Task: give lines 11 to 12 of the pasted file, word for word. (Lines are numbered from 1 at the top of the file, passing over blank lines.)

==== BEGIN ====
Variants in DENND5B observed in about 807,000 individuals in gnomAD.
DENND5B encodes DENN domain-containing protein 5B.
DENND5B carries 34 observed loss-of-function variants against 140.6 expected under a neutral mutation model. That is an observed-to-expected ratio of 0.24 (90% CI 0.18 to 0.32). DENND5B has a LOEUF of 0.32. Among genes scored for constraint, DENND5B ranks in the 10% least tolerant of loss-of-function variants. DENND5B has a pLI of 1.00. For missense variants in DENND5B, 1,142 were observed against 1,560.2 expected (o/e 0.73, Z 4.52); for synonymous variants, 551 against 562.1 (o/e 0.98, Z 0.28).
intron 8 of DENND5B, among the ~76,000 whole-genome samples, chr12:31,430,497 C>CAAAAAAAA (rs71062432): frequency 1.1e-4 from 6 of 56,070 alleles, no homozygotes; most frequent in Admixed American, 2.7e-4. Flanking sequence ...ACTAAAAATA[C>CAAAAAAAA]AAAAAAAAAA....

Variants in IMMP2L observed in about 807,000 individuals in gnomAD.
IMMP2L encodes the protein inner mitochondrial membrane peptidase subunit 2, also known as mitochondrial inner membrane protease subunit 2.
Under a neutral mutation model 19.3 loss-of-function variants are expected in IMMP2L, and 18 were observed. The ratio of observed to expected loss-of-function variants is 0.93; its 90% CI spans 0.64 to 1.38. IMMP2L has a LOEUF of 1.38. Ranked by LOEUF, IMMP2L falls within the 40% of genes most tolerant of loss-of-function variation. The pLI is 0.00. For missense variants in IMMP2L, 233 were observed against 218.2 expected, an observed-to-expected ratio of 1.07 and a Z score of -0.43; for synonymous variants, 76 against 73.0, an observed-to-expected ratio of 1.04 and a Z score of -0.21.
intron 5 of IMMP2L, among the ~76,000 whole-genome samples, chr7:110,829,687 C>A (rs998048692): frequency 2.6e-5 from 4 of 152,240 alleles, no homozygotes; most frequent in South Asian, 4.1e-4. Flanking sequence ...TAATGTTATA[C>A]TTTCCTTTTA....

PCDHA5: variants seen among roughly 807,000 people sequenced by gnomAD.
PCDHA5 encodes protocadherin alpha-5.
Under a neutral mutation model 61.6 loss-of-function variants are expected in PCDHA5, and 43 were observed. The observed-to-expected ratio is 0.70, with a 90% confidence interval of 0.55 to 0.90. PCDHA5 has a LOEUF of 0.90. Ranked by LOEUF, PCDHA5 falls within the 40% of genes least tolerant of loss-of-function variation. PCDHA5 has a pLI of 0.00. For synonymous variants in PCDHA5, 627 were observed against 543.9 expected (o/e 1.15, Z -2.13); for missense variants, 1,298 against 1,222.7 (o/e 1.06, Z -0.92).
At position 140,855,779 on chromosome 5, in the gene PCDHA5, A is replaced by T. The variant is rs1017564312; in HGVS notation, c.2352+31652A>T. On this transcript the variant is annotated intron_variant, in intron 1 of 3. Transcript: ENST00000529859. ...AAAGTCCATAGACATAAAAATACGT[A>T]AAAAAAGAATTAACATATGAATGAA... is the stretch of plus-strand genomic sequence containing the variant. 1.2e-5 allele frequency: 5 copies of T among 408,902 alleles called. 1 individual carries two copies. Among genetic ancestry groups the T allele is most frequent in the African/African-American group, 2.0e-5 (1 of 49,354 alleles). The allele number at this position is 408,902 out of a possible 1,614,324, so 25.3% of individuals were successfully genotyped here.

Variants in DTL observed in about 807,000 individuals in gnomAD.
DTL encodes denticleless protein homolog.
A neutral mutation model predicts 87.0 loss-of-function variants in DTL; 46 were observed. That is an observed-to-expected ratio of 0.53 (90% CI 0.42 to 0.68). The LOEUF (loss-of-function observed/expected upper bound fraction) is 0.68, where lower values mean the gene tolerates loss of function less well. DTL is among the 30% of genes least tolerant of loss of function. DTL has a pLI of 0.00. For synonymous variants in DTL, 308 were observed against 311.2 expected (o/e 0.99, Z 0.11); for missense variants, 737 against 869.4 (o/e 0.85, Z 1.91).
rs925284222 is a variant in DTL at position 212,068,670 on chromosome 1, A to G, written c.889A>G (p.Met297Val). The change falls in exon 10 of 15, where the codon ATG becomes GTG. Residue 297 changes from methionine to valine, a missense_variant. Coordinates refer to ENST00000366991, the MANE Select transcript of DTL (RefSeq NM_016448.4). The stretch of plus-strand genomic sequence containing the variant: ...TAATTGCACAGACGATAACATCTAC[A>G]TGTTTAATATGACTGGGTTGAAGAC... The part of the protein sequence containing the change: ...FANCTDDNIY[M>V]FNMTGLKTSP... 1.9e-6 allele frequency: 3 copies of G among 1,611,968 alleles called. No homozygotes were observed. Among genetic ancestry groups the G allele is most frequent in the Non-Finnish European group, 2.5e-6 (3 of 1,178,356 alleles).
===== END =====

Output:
Under a neutral mutation model 61.6 loss-of-function variants are expected in PCDHA5, and 43 were observed. The observed-to-expected ratio is 0.70, with a 90% confidence interval of 0.55 to 0.90. PCDHA5 has a LOEUF of 0.90. Ranked by LOEUF, PCDHA5 falls within the 40% of genes least tolerant of loss-of-function variation. PCDHA5 has a pLI of 0.00. For synonymous variants in PCDHA5, 627 were observed against 543.9 expected (o/e 1.15, Z -2.13); for missense variants, 1,298 against 1,222.7 (o/e 1.06, Z -0.92).
At position 140,855,779 on chromosome 5, in the gene PCDHA5, A is replaced by T. The variant is rs1017564312; in HGVS notation, c.2352+31652A>T. On this transcript the variant is annotated intron_variant, in intron 1 of 3. Transcript: ENST00000529859. ...AAAGTCCATAGACATAAAAATACGT[A>T]AAAAAAGAATTAACATATGAATGAA... is the stretch of plus-strand genomic sequence containing the variant. 1.2e-5 allele frequency: 5 copies of T among 408,902 alleles called. 1 individual carries two copies. Among genetic ancestry groups the T allele is most frequent in the African/African-American group, 2.0e-5 (1 of 49,354 alleles). The allele number at this position is 408,902 out of a possible 1,614,324, so 25.3% of individuals were successfully genotyped here.